Friday, September 24, 2010

The Night Before the Night Before

Back when I started running cross country in high school - 10 years ago (makes me feel ancient!) - my friend's dad, who ran a lot, told me that it was important to get a good night sleep the night before the race; however, getting even better sleep the night before the night before the race was even more important. At that time, I believed "Mr. C." and didn't question it. I tried to get a lot of sleep the 2 nights prior to racing. I don't really know if it is true or not, nor do I care a whole lot because I know sleep every night is critical to how well I run. Maybe you don't need much sleep, but I do.

Tonight is my "night before the night before" night. I am running the Quad Cities half marathon on Sunday. As I sit here and type, I am getting more and more excited. Tomorrow morning I'll get my things packed up, leave the Chicago suburbs, and drive two hours west to the Quad Cities. I am staying with my aunt and uncle, who is also running the half.

Everything for this half is so different than what I am accustomed to. Normally, I taper totally different than I did for this race. Last weekend, I did 7.5 miles on Saturday and then 11 on Sunday. However, when I hit mile 10 on Sunday my knee started to hurt. It was a weird feeling, and I couldn't stride right. Monday was okay and so was Tuesday, but Wednesday I only ran 3.6 miles before stopping because my knee was killing me. I took Thursday, today (Friday) and tomorrow off. I don't know the last time I took off 3 days in a row. My knee feels better now, so I'm hoping for a wonderful race.

Have you ever experienced something hurting during a training run so close to your race? If so, what did you do? Do you have a long taper or short taper?

Monday, September 6, 2010

Breaking Through to 22!

I LOVE running, perhaps a little too much. I like how it makes me feel. I like that it is individual and I don't have to rely on a teammate. I like competition and the thrill that comes from it. Therefore, I love racing and, even more, PRing.

This morning I got up at 5, had something to eat, and busied myself for the next hour and a half before I drove down to where the 5k I was running in was starting. I ran in this same race last year and clocked 23:03. I don't run 5ks usually, and I REALLY wanted to PR. I have been trying to work on my speed while training lately. I knew I could break on through to the 22' was in me.

I was pleasantly surprised that my stomach was as calm as it was this morning. Perhaps it was because I knew the course and it was in my hometown, or maybe the stars were just aligned for me. At the starting line I got my iPod cued up and ready to go so when the gun went off I would be ready to run. And, off I went.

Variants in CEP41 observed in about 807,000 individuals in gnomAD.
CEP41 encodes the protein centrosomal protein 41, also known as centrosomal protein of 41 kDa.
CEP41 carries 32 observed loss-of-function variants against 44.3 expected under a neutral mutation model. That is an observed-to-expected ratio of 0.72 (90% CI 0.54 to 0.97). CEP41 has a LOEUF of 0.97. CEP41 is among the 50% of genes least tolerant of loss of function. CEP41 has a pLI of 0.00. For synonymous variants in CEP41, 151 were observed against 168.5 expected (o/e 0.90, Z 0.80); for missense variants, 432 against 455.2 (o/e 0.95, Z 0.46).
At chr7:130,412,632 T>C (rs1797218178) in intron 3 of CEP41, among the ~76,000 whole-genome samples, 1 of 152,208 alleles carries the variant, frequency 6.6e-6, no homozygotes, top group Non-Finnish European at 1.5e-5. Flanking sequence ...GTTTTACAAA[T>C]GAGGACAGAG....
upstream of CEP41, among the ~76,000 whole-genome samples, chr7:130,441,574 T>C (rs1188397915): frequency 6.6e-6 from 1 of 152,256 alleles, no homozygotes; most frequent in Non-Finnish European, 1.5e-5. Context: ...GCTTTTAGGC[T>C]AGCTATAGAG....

I knew that if I wanted to PR I would have to start fast, and that I did. I ran the first mile in 6:56, and it felt soooo good. The second mile was into the wind, but I was still feeling good and ended up clocking a 7:20 according to my Garmin. The third mile was glorious, as the wind was now at my back. Although I was running on a straight road, it felt like I was running downhill. My last mile was 7:17ish. I knew when to sprint to the end, and ended up finishing the race in 22:24 (7:12 min/mile). I got a nice flying foot trophy for placing in my age group, but more importantly I was happy and proud to join the ranks of the sub-23 5k group.

Diabetes-wise, I tested about 20 minutes prior to race time and got 108 on my machine. I had a little Gatorade because I wanted to start at a higher number. When I was done racing, I tested again, only to find out I was 245. This has happened to me for my last several races, where I get high numbers. I know when I race I have a lot of adrenaline going through my blood and think that might make my numbers high? Does this happen to you?

In other news, I have decided to run the half marathon at the Quad Cities Marathon and not the full. I've been having some knee/leg issues that have prevented me from logging the appropriate number of miles. I am hoping to become stronger and PR for the half. In a way I feel like a failure for not doing the full, but the good thing about marathons is that there are tons of them. I can do one next year. But for now, I'll stick to the half.